Wearable Social Coach for Aspies
*Your News

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A Brilliant Madness (John Nash)

Mathematical genius and Nobel Prize winner John Nash is usually represented as schizophrenic, but there are also more and more sources stating that he also had Asperger’s, including an excellent paper by renowned Prof. Michael Fitzgerald at academia.edu: https://www.academia.edu/33099050/Did_the_Nobel_Prize_Winner_John_Nash_have_Asperger_s_syndrome_and_Schizophrenia

Everybody knows and loves the movie “A Beautiful Mind” about him, but we would also like to call your attention on a video on YouTube, which is also quite good. Warning: Some scenes in the mental hospital where patients were treated with insulin might be disturbing to some viewers.


If You Really Want to See What People Are…

“If you really want to see what people are, all you have to do is look.”

These are the last words in the new movie Wonder (released in November). We don’t want to tell you too much about it in case it is on your list of movies you want to watch during the holidays.

We will only say that it is a beautiful story about overcoming the problems of being “different” and managing to make people understand your real value. Yes, it is so true. You only have to look if you really want to see what people are. Prejudiced people don’t look and miss out on getting to know many wonderful people. They are the ones who are to pity, not the ones who are different.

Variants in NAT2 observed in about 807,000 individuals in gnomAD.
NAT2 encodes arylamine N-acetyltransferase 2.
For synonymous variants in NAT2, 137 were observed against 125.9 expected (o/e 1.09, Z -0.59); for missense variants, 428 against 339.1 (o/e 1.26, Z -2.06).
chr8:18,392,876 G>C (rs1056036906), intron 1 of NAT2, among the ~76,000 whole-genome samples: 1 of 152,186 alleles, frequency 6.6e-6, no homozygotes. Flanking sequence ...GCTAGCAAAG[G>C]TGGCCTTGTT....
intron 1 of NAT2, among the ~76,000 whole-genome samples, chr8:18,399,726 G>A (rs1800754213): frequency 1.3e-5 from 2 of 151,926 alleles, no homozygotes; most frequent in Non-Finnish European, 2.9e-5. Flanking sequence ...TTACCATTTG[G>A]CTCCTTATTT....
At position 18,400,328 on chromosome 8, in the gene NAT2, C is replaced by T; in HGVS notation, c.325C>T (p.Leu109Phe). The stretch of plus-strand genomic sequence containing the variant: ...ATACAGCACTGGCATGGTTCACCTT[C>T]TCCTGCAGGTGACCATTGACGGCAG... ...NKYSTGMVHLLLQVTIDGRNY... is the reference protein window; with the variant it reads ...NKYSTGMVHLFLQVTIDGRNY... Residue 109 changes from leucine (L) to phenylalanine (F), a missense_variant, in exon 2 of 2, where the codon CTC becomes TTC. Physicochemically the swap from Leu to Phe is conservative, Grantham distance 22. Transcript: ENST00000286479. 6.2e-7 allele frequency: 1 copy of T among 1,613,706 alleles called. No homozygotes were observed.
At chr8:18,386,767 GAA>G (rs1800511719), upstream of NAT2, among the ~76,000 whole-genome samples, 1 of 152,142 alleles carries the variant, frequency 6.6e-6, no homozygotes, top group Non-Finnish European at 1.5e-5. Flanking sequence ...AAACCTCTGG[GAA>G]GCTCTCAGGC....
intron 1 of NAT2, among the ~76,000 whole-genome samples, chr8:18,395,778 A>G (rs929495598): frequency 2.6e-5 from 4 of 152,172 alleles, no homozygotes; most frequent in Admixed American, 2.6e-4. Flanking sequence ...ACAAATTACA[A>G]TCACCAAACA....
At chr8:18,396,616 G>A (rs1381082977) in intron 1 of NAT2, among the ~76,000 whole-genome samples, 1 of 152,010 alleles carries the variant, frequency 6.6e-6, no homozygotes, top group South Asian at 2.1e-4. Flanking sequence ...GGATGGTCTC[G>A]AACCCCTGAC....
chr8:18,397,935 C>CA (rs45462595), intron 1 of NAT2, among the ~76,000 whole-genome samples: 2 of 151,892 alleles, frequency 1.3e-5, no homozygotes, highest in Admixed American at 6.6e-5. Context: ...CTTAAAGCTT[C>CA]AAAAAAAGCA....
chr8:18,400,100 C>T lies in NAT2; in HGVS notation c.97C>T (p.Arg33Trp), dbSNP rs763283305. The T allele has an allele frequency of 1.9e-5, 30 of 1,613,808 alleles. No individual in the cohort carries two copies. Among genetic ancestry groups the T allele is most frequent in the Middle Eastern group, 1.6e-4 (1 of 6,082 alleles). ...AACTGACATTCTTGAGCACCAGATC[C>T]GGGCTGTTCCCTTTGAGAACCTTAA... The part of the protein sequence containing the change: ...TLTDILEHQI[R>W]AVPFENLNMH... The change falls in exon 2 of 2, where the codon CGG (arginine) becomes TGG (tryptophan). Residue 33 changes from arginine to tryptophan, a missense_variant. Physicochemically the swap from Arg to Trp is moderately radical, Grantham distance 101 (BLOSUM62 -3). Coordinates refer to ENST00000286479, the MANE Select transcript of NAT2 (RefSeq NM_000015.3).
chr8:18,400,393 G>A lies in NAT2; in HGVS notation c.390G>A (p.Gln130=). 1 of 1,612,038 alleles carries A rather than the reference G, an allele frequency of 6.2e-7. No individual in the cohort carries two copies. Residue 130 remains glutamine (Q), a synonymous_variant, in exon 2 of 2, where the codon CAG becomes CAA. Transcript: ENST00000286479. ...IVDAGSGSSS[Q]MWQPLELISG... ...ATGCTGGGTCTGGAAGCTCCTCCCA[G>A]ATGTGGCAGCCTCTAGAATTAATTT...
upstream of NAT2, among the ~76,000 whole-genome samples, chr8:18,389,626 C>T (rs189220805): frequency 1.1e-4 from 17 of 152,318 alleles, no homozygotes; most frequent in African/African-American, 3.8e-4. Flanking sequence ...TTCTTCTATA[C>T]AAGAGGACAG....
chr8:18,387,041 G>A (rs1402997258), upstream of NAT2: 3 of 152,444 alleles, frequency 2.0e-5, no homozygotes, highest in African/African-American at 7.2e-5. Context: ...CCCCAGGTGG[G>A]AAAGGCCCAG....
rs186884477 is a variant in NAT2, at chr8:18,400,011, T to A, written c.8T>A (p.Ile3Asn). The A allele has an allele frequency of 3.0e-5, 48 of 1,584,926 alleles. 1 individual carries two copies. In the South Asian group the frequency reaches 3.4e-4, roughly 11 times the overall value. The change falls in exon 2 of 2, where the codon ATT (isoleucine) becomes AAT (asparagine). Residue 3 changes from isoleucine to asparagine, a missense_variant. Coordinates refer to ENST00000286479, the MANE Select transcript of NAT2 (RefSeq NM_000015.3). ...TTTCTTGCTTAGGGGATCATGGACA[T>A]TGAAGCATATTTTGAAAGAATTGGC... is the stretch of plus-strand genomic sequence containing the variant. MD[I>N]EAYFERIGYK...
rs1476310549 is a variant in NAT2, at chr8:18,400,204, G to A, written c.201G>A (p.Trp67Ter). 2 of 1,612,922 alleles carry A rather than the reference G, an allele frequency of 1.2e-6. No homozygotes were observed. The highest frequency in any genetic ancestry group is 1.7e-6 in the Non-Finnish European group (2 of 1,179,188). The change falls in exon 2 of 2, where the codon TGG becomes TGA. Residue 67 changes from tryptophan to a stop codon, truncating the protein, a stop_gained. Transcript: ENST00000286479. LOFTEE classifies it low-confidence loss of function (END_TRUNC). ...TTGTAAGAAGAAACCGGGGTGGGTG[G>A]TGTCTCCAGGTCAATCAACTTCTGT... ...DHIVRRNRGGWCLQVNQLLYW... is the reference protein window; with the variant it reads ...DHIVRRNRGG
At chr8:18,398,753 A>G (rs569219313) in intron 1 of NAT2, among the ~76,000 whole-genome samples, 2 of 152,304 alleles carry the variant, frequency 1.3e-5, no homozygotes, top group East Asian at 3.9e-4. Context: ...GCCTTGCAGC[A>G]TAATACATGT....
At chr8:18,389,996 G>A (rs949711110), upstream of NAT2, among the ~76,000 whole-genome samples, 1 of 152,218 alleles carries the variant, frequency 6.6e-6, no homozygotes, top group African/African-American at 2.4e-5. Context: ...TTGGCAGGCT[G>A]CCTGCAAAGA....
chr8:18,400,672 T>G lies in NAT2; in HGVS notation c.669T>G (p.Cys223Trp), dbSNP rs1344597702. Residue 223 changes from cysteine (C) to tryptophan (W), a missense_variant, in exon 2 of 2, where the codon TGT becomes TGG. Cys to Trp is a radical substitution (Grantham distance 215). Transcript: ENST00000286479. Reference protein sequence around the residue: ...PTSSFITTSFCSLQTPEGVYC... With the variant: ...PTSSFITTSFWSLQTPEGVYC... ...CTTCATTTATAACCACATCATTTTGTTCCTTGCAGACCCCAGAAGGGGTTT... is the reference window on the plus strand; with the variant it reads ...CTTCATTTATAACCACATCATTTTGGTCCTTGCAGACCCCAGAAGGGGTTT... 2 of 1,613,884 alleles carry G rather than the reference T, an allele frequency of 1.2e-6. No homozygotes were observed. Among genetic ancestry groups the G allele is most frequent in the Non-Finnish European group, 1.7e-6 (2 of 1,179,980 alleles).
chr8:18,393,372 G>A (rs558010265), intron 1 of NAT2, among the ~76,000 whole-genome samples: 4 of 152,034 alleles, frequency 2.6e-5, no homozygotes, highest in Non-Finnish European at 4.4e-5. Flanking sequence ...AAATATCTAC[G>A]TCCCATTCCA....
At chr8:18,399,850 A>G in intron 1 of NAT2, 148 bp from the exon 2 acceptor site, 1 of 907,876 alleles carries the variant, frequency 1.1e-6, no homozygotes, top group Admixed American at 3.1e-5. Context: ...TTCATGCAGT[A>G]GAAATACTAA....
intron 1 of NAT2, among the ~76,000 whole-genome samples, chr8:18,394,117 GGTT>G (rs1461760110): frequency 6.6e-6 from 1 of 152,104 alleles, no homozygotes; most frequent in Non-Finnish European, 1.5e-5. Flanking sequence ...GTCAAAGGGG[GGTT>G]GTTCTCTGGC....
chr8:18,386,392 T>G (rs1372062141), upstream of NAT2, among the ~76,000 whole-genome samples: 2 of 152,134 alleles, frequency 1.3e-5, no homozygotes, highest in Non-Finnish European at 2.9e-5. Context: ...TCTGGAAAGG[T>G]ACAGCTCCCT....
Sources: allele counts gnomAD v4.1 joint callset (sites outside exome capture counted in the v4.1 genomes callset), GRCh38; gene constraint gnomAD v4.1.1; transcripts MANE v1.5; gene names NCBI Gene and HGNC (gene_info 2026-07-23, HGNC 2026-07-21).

Friends

We autistic people take friendship very seriously. Contrary to what neurotypical people usually think, we are not only capable of friendship – we are capable of honest, real friendship, which is a rare virtue these days.

Unfortunately we have also heard very sad stories. Sometimes autistic people write to us because they have been hurt, betrayed, stabbed in the back by so-called friends (even so-called friends who allied with bullies who ruined their lives).

We want to tell you that you shouldn’t be sad when you lose a false friend. Possibly also because of the way social media and the Internet are, and also because of the way neurotypicals are, it is difficult to find real friends. They exist though, so don’t feel discouraged if some false friends have hurt you. You were just too good for them.

If real friends were everywhere friendship would probably be less valuable. Rareness makes precious metals or stones more valuable. Rareness also makes true friendship more valuable.

In this context we would also like to remind you of our Friendship Project.

True friends exist, but they are rare, and they will love you for your differences that make you so special and unique. True friends will also be happy for your achievements rather than pointing out your problems to make you feel bad. We all need friends,  but it is better to wait until we meet true friends rather than being bullied and betrayed by false friends.


Dandelions and Orchids

A few years ago Tom Boyce compared normal people to dandelions and people with a brain difference to orchids. While dandelions are able to thrive anywhere, orchids are more beautiful and fascinating, but they don’t thrive anywhere, only in the right environment. That’s why it is so important to give children and adults who are different the right support so that they can shine and grow into beautiful orchids.

Here is an article by David Dobbs about this: The Science of Success